Yesterday we issued a warning about career goals that are too trendy. They’re the type of goals that were uncommon or, in some cases, completely unheard of just a few years ago, but which now everyone is saying they want to go do.
Today’s warning is the opposite. If your career goals are too unusual, then you have a different challenge.
Consider this article from Harvard Business Review about how today’s professions are morphing and rearranging. The author essentially advocates creating a mashup for yourself (EssaySnark’s words, not his). He’s basically saying that the world is in flux and so you should take the best of what you do and combine it with the what you want to do in order to meet the needs of modern-day industries.
EssaySnark likes this idea a lot. That about summarizes how we stumbled into admissions consulting. were already mentoring young professionals on their career paths. We had finished our MBA (phew!) and were consulting out in the big bad world of business. Writing and snarking both come naturally. Put it all together and Voila! A new career.
This is very cool. This is very liberating. This is how one finds their purpose on this Earth (yes EssaySnark is very much invested in pursuing your passion and doing your calling and all that self-help hippie nonsense). Going through the process of investigation and discovery that is required for creating a good application to bschool sometimes triggers such inspirations in people (at least, it SHOULD).
So if yesterday we cautioned against the me-too trends, what could be wrong with someone who comes up with a career path built for one? What’s the problem with gushing out all your ideas to the adcom in your essays and carving out this entirely new, never-before-heard-of career for yourself?
Absolutely nothing, Brave Supplicant… provided you pull it off.
The major risk with defining a goal in your essays that’s never been done before, or even anything that’s just a little too non-standard, is that the adcom may have trouble categorizing you in their minds.
Typically when people read through an application, they put the candidate in boxes. This is a natural occurrence; we are all very good pattern-matchers, and the natural tendency when we’re evaluating something is to see where it fits. We do this with everything, whether it’s a new cute little beastie we see on an Animal Planet show or it’s the trailer for a movie or some kind of odd food that your new girlfriend’s mother wants you to eat. Part of the thinking machine that we are is a categorizer, a sorter and a make-senser. It’s automatic.
So the adcom reader who does not know you picks up your application and starts to work through it, and she unconsciously and automatically is reading the signals to see where you fit. She’s like the Sorting Hat. She’s figuring you out. She’s determining where you belong.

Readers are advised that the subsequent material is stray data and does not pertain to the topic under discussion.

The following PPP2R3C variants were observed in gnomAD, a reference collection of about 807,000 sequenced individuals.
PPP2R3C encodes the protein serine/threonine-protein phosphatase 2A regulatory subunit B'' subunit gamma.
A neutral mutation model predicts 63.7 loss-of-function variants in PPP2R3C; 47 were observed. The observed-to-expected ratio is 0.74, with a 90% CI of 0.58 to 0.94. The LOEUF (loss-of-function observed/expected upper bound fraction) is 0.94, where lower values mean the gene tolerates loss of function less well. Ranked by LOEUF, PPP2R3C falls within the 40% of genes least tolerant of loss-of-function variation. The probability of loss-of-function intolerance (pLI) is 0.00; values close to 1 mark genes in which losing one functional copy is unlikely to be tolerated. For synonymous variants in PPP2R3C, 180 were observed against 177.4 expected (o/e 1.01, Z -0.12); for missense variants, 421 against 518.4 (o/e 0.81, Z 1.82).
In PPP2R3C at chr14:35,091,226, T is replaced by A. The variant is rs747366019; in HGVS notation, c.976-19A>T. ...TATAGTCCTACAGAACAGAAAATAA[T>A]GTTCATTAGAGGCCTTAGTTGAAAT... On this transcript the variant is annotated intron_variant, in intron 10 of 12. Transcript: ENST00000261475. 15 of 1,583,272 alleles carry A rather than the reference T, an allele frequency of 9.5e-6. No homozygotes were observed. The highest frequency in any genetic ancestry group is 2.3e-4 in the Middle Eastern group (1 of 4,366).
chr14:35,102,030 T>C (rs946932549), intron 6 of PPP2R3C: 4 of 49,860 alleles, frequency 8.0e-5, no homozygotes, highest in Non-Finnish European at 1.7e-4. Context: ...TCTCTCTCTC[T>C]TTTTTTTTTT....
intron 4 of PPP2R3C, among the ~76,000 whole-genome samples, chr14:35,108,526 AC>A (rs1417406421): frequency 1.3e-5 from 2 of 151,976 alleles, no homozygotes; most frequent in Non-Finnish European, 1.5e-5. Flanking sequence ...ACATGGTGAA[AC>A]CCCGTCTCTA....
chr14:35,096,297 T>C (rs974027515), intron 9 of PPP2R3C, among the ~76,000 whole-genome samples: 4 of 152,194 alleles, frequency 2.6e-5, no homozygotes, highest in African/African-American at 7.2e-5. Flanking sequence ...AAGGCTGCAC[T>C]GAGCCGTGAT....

Finance chick? check
Consulting guy? check
Then, she’s going through whatever her own personal evaluation consists of, to see if you’re up to snuff for that type of candidate.
This is not formalized. There are many factors at play. This is an oversimplified description of a complex mental process.
But the point is, if you come up with your very own, unique, individualized set of career goals for bschool, well, you don’t fit naturally into any categories. And you make your reviewer’s job all the harder. (And you never want to make your reviewers job hard.)
The adcom will still be very open to receiving your pitch, and you’re not shooting yourself in the foot simply by coming up with your own set of goals. But if you don’t easily fit into their categories, then you have two challenges:
- You need to prove why you need an MBA to go pursue these goals
- You need to put the adcom at ease that this career you’ve defined really exists and that you’ll be able to get a job when you graduate
Basically, it means you need to do a lot more explaining.
When you say you want to be a strategy consultant, boom, you’re done. OK not really, you still need to explain why you want to do this, how you’re qualified, what it means to you, etc. But nobody applying to bschool needs to define what “strategy consulting” is.
On the other hand, if you say you want to be a “partnership broker” (to use a job stated in that HBR article), well, you’ve got to explain what in heck that is.
And that takes words. And you have precious few. And the ones you have are best allocated towards presenting YOURSELF, not describing this idea for a career that you’ve cooked up.
So, it’s a bit of a double-edged sword. You want to be differentiated and memorable — and most of all, you want to be authentic. If you really truly have thought up this awesome new career for yourself, GREAT! But you have then created a bigger challenge than you already had in explaining it.
When the career goals are too unique — and particularly if they’re all the way to avant-garde — then you’re setting yourself up for some issues, based on the limited space you have to state your case. It may very well pay off famously — after all, how many partnership brokers will your target school be accepting this year?? But you also have some work to do in making the pieces fit together appropriately.
(Shameless plug: This is where a good admissions consultant can help! You definitely need an outside opinion/reality check if you’re going down this path with your essays.)